Director Volker Lösch is well-known for productions that engage energetically with the politics of the day. In collaboration with author Lothar Kittstein and dramaturg Jörg Bochow, Lösch has premiered at Staatsschauspiel Dresden a reframing of Die Dreigroschenoper as a power struggle within the far-right of contemporary Germany. Rights holders of the work—including Brecht’s heirs, Suhrkamp Verlag, and the Kurt Weill Foundation—approved this radical adaptation of the spoken text on the condition that lyrics and music remain untouched in their original form.
Critical reaction to the Dresden production has provoked strong, if contradictory, feelings. Some evaluated the result as, in the words of Sebastian Thiele of the Sächsische Zeitung, “an impressive artistic and political evening of theater in the spirit of Brecht.” There were strong counter-voices, however, including Michael Laages in Die Deutsche Bühne, who asked: “Did Brecht really deserve this? No. At least as shocking and horrible as the staging is the exuberant cheering in the hall.”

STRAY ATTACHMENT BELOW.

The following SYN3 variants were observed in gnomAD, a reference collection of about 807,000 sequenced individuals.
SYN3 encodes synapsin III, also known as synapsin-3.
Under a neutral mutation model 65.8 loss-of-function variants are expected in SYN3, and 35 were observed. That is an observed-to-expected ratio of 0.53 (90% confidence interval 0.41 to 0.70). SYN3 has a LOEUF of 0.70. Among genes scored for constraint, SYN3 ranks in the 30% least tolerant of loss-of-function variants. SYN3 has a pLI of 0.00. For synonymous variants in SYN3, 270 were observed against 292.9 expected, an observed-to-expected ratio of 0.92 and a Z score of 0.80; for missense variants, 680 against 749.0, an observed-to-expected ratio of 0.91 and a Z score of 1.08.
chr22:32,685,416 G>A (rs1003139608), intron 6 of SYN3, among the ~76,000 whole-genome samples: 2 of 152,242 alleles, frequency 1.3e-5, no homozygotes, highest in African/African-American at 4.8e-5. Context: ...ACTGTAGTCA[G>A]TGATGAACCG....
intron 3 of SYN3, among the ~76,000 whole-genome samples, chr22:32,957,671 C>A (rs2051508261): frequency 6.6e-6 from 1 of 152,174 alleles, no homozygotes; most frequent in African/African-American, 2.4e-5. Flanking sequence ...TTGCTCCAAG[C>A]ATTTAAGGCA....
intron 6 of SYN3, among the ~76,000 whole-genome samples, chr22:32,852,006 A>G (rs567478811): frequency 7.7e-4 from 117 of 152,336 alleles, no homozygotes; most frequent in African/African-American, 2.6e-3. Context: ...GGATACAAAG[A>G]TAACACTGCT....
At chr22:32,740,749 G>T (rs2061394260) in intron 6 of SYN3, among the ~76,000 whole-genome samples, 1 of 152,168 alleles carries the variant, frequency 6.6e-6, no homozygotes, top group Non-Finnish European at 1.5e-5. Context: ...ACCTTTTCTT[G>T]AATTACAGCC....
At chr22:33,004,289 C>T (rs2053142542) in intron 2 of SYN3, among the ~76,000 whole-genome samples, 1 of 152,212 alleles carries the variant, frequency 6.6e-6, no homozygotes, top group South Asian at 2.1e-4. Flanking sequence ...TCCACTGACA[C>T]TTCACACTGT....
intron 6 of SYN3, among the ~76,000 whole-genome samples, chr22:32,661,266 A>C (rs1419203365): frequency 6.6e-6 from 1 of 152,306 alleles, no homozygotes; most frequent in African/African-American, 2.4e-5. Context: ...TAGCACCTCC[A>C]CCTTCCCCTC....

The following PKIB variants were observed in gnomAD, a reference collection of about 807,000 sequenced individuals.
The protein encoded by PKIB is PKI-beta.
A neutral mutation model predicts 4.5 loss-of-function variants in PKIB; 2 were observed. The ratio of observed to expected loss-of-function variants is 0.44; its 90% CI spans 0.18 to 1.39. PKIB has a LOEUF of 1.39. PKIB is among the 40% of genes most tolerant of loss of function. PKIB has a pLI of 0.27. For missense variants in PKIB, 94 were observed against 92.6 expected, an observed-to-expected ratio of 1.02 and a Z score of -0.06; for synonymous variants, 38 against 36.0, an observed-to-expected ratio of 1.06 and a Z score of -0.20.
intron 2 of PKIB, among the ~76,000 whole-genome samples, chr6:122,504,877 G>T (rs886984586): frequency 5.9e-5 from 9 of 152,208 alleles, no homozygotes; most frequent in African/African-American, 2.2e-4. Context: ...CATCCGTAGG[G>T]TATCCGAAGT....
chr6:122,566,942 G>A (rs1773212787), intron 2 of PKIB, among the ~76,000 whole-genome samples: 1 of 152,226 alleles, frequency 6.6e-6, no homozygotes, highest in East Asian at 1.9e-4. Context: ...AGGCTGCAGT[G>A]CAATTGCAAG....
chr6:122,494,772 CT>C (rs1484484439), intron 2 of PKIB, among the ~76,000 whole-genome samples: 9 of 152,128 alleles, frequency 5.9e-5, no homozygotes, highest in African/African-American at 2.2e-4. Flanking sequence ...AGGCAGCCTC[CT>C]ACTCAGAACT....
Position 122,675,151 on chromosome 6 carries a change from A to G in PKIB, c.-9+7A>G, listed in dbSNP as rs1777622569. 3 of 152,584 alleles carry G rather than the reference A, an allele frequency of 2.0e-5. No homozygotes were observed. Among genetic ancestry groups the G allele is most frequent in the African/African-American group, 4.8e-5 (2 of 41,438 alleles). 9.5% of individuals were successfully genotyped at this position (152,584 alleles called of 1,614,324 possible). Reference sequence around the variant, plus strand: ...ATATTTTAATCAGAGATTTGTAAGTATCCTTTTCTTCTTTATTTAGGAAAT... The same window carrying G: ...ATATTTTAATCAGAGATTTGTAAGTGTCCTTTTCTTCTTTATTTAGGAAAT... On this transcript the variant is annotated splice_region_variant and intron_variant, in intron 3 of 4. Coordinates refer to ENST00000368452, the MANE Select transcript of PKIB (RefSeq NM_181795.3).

The national news magazine Spiegel ran a major article on the production just before the opening. Author Wolfgang Höbel suggested that the radical changes made to Dreigroschenoper by Lösch’s production were a kind of “test run” of conditions after 2026, the seventieth anniversary of Brecht’s death and the point at which copyright on some of his works will expire in some territories. The article correctly identifies Elisabeth Hauptmann as a “co-author” of Dreigroschenoper. Her death in 1973 ensures copyright protection of the entire work through at least 2043 in Germany, the European Union, and many other countries worldwide. (For a summary of the complexities of copyright involved in Weill’s catalog, read more here.)